Seek forgotten songs in the hauntingly poetic story game Spell Saga

In the strange, melancholy, post-apocalyptic world of Spell Saga, you play the Last Minstrel, a seeker of lost songs and collector of myths. What will you find on the Final Shore, where the Black God waits?

Spell Saga is a solitaire card game – the creators call it a "tabletop novel." As the Last Minstrel, you work your way through the deck, finding and exploring locations, collecting items and friends, battling monsters, and ultimately collecting bits of the story of the world you live in. Somewhere in the misty past, songs and stories were lost. You want to find them — either to learn the truth or just to put some beauty back into the world.


Creator Todd Michael Rogers sent me some playtest cards so I could try the game out. I played through a few times and quickly grasped the game's overall mechanics (they have some how-to-play videos that were very helpful). Its basic functions are similar to other adventure card games; as you draw through the deck you'll find either items and places and allies, or enemy monsters. On each turn you'll deal with the various boons and threats that turn up.

There are a few ingenious mechanics, though. As a "tabletop novel," the game follows a rough plot. How do you prevent weird outcomes like experiencing the end of the story too early because of a random draw? By forcing each card to be "Acknowledged" before it can have an effect on the game. If you draw a card that has a higher number on it than the number of Story Cards currently in play, it is simply cycled to the bottom of the deck. This keeps the things you encounter on par with your place in the game, as you gradually add more Story Cards throughout the game.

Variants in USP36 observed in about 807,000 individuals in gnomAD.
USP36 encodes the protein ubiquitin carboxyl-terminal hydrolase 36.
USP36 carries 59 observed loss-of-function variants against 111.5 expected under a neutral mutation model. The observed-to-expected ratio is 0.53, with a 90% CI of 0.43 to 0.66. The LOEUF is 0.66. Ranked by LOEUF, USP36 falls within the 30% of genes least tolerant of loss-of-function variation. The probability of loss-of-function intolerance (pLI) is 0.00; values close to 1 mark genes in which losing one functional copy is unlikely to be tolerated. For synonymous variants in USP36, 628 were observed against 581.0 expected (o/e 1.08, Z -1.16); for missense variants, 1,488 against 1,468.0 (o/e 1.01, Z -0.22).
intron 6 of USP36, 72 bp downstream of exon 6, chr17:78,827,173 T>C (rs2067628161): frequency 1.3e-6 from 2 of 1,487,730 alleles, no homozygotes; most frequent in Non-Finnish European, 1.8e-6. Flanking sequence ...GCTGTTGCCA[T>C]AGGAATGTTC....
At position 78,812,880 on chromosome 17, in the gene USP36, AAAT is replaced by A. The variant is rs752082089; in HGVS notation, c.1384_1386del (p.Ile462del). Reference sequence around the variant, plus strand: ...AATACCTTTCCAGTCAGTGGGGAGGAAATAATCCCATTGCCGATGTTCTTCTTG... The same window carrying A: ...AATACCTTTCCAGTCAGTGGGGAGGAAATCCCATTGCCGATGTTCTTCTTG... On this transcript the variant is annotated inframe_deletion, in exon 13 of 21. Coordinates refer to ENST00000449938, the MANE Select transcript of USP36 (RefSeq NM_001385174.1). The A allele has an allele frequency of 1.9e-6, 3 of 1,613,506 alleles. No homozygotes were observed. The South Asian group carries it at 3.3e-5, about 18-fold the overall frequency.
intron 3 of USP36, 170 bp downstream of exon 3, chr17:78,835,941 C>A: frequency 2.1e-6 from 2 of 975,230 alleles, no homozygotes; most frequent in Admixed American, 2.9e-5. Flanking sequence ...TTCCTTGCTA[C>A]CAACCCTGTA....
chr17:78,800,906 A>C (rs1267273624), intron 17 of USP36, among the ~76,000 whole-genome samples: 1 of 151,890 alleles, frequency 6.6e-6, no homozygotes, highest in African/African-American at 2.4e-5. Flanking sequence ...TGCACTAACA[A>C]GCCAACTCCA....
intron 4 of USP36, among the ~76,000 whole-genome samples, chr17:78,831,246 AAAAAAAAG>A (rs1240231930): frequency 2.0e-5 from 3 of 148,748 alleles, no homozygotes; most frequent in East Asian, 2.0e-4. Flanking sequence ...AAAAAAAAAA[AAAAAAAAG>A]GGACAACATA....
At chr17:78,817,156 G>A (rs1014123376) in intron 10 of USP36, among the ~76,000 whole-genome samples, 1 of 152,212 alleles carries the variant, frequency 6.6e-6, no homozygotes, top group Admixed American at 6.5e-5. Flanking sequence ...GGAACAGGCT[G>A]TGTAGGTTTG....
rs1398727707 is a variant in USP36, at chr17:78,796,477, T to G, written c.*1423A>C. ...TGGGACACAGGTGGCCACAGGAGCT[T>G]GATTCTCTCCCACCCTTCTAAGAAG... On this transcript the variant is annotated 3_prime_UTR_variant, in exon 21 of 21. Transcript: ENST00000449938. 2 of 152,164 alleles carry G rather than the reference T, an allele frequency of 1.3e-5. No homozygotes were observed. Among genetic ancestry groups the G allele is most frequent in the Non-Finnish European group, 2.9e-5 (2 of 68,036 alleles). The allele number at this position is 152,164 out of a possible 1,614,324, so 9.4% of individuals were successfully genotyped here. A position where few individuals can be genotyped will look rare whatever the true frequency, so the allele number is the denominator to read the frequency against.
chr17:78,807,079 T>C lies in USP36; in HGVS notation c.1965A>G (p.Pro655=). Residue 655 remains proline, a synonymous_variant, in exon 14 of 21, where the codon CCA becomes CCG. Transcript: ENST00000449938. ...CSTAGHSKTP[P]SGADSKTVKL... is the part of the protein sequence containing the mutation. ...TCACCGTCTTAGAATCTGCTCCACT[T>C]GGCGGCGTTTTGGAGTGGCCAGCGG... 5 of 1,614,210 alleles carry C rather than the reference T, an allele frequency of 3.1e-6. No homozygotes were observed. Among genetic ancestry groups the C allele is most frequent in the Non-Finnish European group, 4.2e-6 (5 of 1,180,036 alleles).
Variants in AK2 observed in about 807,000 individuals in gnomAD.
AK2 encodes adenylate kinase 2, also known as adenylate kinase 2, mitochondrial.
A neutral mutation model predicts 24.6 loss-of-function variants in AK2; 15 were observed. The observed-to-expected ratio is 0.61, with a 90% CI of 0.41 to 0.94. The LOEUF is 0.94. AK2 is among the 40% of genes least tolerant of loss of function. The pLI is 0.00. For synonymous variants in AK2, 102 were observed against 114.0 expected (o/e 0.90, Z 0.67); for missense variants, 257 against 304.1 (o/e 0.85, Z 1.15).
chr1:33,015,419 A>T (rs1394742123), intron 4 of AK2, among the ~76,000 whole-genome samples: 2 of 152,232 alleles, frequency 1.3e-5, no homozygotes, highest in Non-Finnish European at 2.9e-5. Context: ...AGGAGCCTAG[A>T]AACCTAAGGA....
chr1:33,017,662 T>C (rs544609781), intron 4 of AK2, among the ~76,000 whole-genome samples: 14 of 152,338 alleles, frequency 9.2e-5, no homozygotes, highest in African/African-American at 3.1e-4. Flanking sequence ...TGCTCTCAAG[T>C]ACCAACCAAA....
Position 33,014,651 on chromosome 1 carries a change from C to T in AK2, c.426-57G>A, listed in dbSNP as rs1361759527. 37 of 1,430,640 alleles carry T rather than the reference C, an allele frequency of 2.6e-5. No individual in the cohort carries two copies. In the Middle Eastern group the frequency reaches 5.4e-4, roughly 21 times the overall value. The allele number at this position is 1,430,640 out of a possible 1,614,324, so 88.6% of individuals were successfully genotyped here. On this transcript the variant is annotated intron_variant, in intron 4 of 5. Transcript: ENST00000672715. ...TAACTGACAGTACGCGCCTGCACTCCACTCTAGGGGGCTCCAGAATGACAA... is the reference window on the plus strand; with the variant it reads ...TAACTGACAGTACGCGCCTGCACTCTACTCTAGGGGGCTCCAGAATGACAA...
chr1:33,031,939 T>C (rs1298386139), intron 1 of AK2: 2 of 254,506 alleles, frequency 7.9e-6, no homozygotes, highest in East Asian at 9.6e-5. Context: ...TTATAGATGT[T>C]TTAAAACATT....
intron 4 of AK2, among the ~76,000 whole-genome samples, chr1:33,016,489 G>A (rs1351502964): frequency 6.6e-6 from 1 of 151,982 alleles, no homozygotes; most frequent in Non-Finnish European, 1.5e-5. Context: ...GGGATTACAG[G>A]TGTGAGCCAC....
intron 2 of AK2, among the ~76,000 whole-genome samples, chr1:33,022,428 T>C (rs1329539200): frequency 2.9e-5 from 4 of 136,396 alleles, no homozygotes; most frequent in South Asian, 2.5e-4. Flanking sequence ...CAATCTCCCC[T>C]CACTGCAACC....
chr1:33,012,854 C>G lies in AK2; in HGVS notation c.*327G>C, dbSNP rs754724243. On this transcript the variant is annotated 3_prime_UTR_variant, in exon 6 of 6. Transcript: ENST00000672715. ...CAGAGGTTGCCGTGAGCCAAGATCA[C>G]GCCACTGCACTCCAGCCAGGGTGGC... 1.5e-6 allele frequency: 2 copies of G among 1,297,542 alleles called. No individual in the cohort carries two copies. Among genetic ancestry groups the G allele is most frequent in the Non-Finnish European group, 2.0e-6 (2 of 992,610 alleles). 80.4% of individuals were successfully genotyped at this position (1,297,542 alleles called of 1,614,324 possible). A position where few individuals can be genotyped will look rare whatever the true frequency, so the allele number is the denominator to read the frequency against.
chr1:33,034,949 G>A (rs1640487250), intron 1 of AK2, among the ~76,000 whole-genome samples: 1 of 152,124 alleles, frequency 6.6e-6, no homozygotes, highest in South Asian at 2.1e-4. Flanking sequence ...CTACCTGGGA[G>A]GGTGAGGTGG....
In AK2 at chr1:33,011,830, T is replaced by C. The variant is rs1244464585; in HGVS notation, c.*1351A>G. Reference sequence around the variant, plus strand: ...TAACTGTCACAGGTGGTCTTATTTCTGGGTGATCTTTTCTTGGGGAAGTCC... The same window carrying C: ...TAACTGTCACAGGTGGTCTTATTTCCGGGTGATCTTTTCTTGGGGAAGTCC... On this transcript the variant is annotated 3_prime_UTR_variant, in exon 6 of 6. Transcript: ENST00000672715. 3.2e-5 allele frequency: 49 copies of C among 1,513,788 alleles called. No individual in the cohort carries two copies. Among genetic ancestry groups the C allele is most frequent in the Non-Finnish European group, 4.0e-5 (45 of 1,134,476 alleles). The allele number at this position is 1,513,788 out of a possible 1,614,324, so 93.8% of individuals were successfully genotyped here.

There's also a spontaneously generated "map" that's created as you discover Place cards. This prevents the game's narrative from playing out the same way each game (on top of the fact that you'll be drawing different enemies, allies and items), since you'll travel to different places and experience different effects in each game.

There were a few cards that caused some confusion, but I talked to Rogers and he said that the card text is still being edited, and the final printed versions will benefit from a lot of playtesting.


While it plays as a perfectly fine adventure card game, it was the artistry of Spell Saga that drew me in. All the card art is done by Rogers' cousin, Lauren Rogers (this is about as indie as indie games get). The art is very distinctive – very whimsical, yet often mournful. It wouldn't look out of place illustrating a children's book. And the text on the cards that explains the unfolding story has its own beauty. Here is the story card that begins the game:

"When the world ended, all that was left was missing, or broken… Broken hearts, & broken roads, missing loves & lost purpose… It was the musicians who left to search for clues. The minstrels & bards with their magical songs. Riding off into the sunset to seek out a miracle. But that was long ago… Now there is One Last Minstrel. Searching for answers… Searching for hope…"


One of the allies you might meet, the Folk with Veiled Cap, has this to say:

"Two hearts hath the God on the Shore, one for cruelty & one for beauty. The Weather Guard, in their greed, stole the heart of beauty…"


Spell Saga has a Kickstarter, of course, and one that is frankly looking like a long shot. But where I might otherwise pass up on writing about an indie card game struggling for funding, this one has a few things going for it. First, that art and those haunting clues about the world, presented so beautifully. Second, if you visit the Kickstarter page, you'll find the print-and-play files for this game, completely free. Third, well…you never know. It's nice to cheer for the underdog now and then.

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